WHY IS PREVENTION IMPORTANT?
Oral Health for Overall Health
Proper oral hygiene does not only prevent cavities and periodontal disease but also affects our overall health and well-being.
A preventive program is a cooperative effort by the patient, dentist, and dental staff to preserve teeth supporting structures by preventing the onset, progress, and recurrence of dental disease.
This program starts at home with good oral hygiene and a balanced diet. It is continued in the dental office by our efforts to promote, restore, and maintain your oral health.
Prevention also includes regular dental exams, cleanings, and x-rays.
Prevention helps avoid serious and costly dental problems and is the key to having a healthy, confident, beautiful smile.
A comprehensive dental exam will be performed at your initial dental visit. A regular check-up exam will include the following:
- Examination of diagnostic x-rays (radiographs): Essential for detection of decay, tumors, cysts, and bone loss. X-rays also help determine tooth and root positions.
- Oral cancer screening: Check the face, neck, lips, tongue, throat, tissues, and gums for any signs of oral cancer.
- Gum disease evaluation: Check the gums and bone around the teeth for any signs of periodontal disease.
- Examination of tooth decay: All tooth surfaces will be checked for decay with special dental instruments.
- Examination of existing restorations: Check current fillings, crowns, etc.
Professional Dental Cleaning
Professional dental cleanings (scaling and root planning) are performed by Registered Dental Hygienists. Your cleaning appointment will include the following:
- Removal of calculus (tartar): Calculus is hardened plaque that has been left on the tooth for some time and is now firmly attached to the tooth surface. Calculus forms above and below the gum line and can only be removed with special dental instruments.
- Removal of plaque: Plaque is a sticky, almost invisible film that forms on the teeth. It is a growing colony of living bacteria, food debris, and saliva. The bacteria produce toxins that inflame the gums. This inflammation is the start of periodontal disease!
- Teeth polishing: Remove stain and plaque that is not otherwise removed during tooth brushing and scaling.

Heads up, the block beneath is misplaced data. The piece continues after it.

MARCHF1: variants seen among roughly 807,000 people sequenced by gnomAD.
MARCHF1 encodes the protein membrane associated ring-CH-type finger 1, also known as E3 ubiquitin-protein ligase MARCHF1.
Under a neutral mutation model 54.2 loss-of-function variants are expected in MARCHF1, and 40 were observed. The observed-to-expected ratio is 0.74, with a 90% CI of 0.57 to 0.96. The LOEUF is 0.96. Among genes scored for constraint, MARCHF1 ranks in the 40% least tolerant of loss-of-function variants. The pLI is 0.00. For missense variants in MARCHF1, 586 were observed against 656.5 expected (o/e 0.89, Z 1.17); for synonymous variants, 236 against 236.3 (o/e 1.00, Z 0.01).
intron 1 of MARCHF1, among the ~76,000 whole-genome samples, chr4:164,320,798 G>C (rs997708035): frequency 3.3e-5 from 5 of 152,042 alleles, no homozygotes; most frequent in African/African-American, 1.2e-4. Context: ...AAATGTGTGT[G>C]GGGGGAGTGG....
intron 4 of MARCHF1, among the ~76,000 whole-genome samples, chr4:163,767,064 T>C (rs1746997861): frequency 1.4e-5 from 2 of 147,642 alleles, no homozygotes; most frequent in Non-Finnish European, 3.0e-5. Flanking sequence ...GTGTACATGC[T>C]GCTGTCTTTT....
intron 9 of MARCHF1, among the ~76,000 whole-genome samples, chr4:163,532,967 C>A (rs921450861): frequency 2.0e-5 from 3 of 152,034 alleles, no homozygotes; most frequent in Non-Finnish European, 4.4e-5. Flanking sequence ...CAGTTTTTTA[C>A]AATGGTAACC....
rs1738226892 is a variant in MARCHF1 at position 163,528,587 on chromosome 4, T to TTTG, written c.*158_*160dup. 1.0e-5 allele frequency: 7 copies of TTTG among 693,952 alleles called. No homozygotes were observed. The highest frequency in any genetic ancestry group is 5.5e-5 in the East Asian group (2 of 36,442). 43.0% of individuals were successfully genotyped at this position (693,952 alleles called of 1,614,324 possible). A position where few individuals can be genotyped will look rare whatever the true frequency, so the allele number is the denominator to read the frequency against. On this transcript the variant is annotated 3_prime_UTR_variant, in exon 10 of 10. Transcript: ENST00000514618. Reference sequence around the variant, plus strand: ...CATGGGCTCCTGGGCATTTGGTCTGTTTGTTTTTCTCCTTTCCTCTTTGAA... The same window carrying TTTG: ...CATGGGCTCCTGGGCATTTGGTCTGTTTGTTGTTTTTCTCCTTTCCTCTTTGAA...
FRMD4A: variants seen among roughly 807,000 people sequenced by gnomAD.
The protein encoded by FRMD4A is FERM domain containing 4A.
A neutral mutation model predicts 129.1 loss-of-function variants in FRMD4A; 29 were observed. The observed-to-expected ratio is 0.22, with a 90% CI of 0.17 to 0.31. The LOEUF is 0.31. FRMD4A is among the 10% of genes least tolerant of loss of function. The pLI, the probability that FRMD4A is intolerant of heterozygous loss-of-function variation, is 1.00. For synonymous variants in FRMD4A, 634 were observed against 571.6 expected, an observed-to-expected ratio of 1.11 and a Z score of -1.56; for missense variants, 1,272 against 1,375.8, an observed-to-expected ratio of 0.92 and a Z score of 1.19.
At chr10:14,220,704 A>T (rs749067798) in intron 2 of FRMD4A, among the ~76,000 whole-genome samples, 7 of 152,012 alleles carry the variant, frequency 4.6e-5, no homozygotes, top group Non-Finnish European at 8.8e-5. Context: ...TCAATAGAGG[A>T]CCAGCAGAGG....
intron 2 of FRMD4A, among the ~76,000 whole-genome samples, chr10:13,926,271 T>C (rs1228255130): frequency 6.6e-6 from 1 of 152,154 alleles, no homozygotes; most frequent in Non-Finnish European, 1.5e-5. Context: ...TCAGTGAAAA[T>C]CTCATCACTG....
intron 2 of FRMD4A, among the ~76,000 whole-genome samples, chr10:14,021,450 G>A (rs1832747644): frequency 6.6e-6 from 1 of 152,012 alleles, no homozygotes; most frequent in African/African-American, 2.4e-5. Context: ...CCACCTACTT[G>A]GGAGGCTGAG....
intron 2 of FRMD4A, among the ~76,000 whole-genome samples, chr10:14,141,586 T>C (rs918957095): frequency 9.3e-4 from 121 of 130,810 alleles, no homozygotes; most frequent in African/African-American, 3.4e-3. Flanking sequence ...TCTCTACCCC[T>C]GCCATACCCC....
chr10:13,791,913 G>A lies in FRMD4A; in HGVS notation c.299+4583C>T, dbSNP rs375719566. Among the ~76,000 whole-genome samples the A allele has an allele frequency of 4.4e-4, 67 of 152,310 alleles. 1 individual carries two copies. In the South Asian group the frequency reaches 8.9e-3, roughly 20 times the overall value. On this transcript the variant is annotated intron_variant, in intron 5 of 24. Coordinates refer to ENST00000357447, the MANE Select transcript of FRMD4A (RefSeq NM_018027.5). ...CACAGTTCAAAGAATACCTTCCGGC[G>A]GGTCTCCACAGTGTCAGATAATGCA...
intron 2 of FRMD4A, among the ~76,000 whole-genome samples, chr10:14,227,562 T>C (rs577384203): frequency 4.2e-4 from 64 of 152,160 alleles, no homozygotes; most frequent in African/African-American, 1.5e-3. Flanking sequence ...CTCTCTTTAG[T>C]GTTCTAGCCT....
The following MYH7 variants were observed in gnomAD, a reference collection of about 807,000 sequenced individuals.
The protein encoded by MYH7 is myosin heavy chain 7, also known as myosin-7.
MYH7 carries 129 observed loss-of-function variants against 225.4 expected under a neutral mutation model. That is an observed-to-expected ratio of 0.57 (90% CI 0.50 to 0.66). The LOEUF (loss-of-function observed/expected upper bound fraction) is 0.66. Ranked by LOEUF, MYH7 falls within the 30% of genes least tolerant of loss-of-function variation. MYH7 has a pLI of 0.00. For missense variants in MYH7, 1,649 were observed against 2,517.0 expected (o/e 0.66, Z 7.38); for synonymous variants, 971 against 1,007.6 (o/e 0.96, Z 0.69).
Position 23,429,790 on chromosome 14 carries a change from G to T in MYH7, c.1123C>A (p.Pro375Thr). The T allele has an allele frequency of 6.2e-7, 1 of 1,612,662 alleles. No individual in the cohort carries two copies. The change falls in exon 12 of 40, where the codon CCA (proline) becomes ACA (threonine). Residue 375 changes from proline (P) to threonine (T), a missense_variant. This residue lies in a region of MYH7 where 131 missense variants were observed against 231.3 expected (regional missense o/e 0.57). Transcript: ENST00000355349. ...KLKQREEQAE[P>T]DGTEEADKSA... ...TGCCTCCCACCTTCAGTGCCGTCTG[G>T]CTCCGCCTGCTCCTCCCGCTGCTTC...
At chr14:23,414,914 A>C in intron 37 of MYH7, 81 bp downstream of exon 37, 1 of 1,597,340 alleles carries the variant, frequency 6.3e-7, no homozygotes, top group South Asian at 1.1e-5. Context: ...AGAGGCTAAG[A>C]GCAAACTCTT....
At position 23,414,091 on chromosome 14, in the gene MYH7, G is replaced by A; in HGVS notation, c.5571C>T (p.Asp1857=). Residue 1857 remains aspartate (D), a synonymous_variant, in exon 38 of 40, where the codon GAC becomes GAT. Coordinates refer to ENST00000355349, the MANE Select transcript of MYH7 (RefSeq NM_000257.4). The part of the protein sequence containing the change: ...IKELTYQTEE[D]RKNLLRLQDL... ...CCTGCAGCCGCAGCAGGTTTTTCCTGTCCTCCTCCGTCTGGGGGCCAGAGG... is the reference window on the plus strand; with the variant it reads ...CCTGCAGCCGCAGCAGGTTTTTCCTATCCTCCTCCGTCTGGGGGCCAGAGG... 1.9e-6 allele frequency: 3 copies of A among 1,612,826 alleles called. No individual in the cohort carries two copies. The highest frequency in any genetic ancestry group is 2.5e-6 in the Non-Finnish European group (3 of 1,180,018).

Digital radiography (digital x-ray) is the latest technology used to take dental x-rays. This technique uses an electronic sensor (instead of x-ray film) that captures and stores the digital image on a computer. This image can be instantly viewed and enlarged helping us detect problems easier. Digital x-rays reduce radiation 40-60% compared to the already low exposure of traditional dental x-rays. Because we avoid the use of chemicals, digital x-rays are better for the environment. Dental x-rays are essential, preventative, diagnostic tools that provide valuable information not visible during a regular dental exam. We use this information to safely and accurately detect hidden dental abnormalities and complete an accurate treatment plan. Without x-rays, problem areas may go undetected. Dental X-rays may reveal:
- Abscesses or cysts
- Bone loss
- Cancerous and non-cancerous tumours
- Decay between the teeth
- Developmental abnormalities
- Poor tooth and root positions
- Problems inside a tooth or below the gum line
Detecting and treating dental problems at an early stage may save you time, money, unnecessary discomfort, and your teeth!
Are Dental X-Rays Safe?
We are all exposed to natural radiation in our environment. Digital x-rays produce a significantly lower level of radiation compared to traditional dental x-rays.
Even though digital x-rays produce a low level of radiation and are considered very safe, we still take necessary precautions to limit the patient’s exposure to radiation. These precautions include only taking those x-rays that are necessary, and using lead apron shields to protect the body.
How Often Should Dental X-Rays Be Taken?
The need for dental x-rays depends on each patient’s individual dental health needs.
A full mouth series of dental x-rays is recommended for all new patients and is recommended to be taken every five years. Bite-wing x-rays (x-rays of top and bottom teeth biting together) are taken at recall (check-up) visits and are recommended once a year to detect new dental problems.
A sealant is a thin, plastic coating applied to the chewing surface of molars, premolars and any deep grooves (called pits and fissures) of teeth. More than 75% of dental decay begins in these deep grooves. Teeth with these conditions are hard to clean and are very susceptible to decay. A sealant protects the tooth by sealing deep grooves, creating a smooth, easy to clean surface.
Sealants are easily applied and the process takes only a couple of minutes per tooth.
The teeth to be sealed are thoroughly cleaned and then surrounded with cotton to keep the area dry. A special solution is applied to the enamel surface to help the sealant bond to the teeth. The teeth are then rinsed and dried. Sealant material is carefully painted onto the enamel surface to cover the deep grooves or depressions and then hardened with a special curing light.
Proper home care, a balanced diet, and regular dental visits will aid in the life of your new sealants.